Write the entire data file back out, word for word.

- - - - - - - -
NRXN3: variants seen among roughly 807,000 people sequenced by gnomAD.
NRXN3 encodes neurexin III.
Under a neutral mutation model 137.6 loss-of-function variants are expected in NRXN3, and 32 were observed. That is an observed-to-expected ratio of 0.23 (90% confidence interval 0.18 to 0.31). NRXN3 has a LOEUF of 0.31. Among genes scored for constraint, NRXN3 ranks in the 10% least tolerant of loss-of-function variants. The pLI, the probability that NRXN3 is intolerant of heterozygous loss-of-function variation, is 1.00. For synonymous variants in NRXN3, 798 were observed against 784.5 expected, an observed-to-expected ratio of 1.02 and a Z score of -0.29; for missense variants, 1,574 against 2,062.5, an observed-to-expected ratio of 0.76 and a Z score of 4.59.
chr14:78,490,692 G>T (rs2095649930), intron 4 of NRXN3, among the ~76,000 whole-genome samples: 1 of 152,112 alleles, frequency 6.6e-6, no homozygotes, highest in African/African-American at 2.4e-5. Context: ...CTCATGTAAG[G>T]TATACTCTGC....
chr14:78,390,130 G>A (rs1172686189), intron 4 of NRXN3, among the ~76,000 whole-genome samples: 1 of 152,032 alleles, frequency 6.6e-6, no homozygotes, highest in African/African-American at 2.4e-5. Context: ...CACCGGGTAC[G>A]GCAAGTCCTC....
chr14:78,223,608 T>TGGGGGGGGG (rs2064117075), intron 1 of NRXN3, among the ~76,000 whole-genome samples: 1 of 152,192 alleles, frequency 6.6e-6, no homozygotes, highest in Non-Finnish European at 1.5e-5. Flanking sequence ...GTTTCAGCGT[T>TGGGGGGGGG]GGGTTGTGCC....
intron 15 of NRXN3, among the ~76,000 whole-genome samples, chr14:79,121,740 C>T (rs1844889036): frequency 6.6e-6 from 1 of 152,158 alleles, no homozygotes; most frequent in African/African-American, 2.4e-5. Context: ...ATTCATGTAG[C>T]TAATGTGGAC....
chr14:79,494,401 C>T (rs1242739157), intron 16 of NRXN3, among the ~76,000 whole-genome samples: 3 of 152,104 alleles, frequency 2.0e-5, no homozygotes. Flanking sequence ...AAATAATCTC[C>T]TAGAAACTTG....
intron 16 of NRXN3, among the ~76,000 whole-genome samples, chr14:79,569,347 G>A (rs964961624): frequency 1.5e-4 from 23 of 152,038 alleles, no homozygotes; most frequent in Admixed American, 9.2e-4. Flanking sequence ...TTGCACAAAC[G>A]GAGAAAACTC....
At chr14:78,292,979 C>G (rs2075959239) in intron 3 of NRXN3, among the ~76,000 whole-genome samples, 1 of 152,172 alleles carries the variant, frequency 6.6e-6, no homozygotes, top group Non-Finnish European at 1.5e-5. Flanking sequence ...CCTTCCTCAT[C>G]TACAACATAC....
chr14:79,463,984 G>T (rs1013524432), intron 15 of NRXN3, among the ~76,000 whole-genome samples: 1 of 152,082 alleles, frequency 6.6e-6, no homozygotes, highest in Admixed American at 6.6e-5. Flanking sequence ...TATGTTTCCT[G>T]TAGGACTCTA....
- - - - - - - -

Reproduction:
NRXN3: variants seen among roughly 807,000 people sequenced by gnomAD.
NRXN3 encodes neurexin III.
Under a neutral mutation model 137.6 loss-of-function variants are expected in NRXN3, and 32 were observed. That is an observed-to-expected ratio of 0.23 (90% confidence interval 0.18 to 0.31). NRXN3 has a LOEUF of 0.31. Among genes scored for constraint, NRXN3 ranks in the 10% least tolerant of loss-of-function variants. The pLI, the probability that NRXN3 is intolerant of heterozygous loss-of-function variation, is 1.00. For synonymous variants in NRXN3, 798 were observed against 784.5 expected, an observed-to-expected ratio of 1.02 and a Z score of -0.29; for missense variants, 1,574 against 2,062.5, an observed-to-expected ratio of 0.76 and a Z score of 4.59.
chr14:78,490,692 G>T (rs2095649930), intron 4 of NRXN3, among the ~76,000 whole-genome samples: 1 of 152,112 alleles, frequency 6.6e-6, no homozygotes, highest in African/African-American at 2.4e-5. Context: ...CTCATGTAAG[G>T]TATACTCTGC....
chr14:78,390,130 G>A (rs1172686189), intron 4 of NRXN3, among the ~76,000 whole-genome samples: 1 of 152,032 alleles, frequency 6.6e-6, no homozygotes, highest in African/African-American at 2.4e-5. Context: ...CACCGGGTAC[G>A]GCAAGTCCTC....
chr14:78,223,608 T>TGGGGGGGGG (rs2064117075), intron 1 of NRXN3, among the ~76,000 whole-genome samples: 1 of 152,192 alleles, frequency 6.6e-6, no homozygotes, highest in Non-Finnish European at 1.5e-5. Flanking sequence ...GTTTCAGCGT[T>TGGGGGGGGG]GGGTTGTGCC....
intron 15 of NRXN3, among the ~76,000 whole-genome samples, chr14:79,121,740 C>T (rs1844889036): frequency 6.6e-6 from 1 of 152,158 alleles, no homozygotes; most frequent in African/African-American, 2.4e-5. Context: ...ATTCATGTAG[C>T]TAATGTGGAC....
chr14:79,494,401 C>T (rs1242739157), intron 16 of NRXN3, among the ~76,000 whole-genome samples: 3 of 152,104 alleles, frequency 2.0e-5, no homozygotes. Flanking sequence ...AAATAATCTC[C>T]TAGAAACTTG....
intron 16 of NRXN3, among the ~76,000 whole-genome samples, chr14:79,569,347 G>A (rs964961624): frequency 1.5e-4 from 23 of 152,038 alleles, no homozygotes; most frequent in Admixed American, 9.2e-4. Flanking sequence ...TTGCACAAAC[G>A]GAGAAAACTC....
At chr14:78,292,979 C>G (rs2075959239) in intron 3 of NRXN3, among the ~76,000 whole-genome samples, 1 of 152,172 alleles carries the variant, frequency 6.6e-6, no homozygotes, top group Non-Finnish European at 1.5e-5. Flanking sequence ...CCTTCCTCAT[C>G]TACAACATAC....
chr14:79,463,984 G>T (rs1013524432), intron 15 of NRXN3, among the ~76,000 whole-genome samples: 1 of 152,082 alleles, frequency 6.6e-6, no homozygotes, highest in Admixed American at 6.6e-5. Flanking sequence ...TATGTTTCCT[G>T]TAGGACTCTA....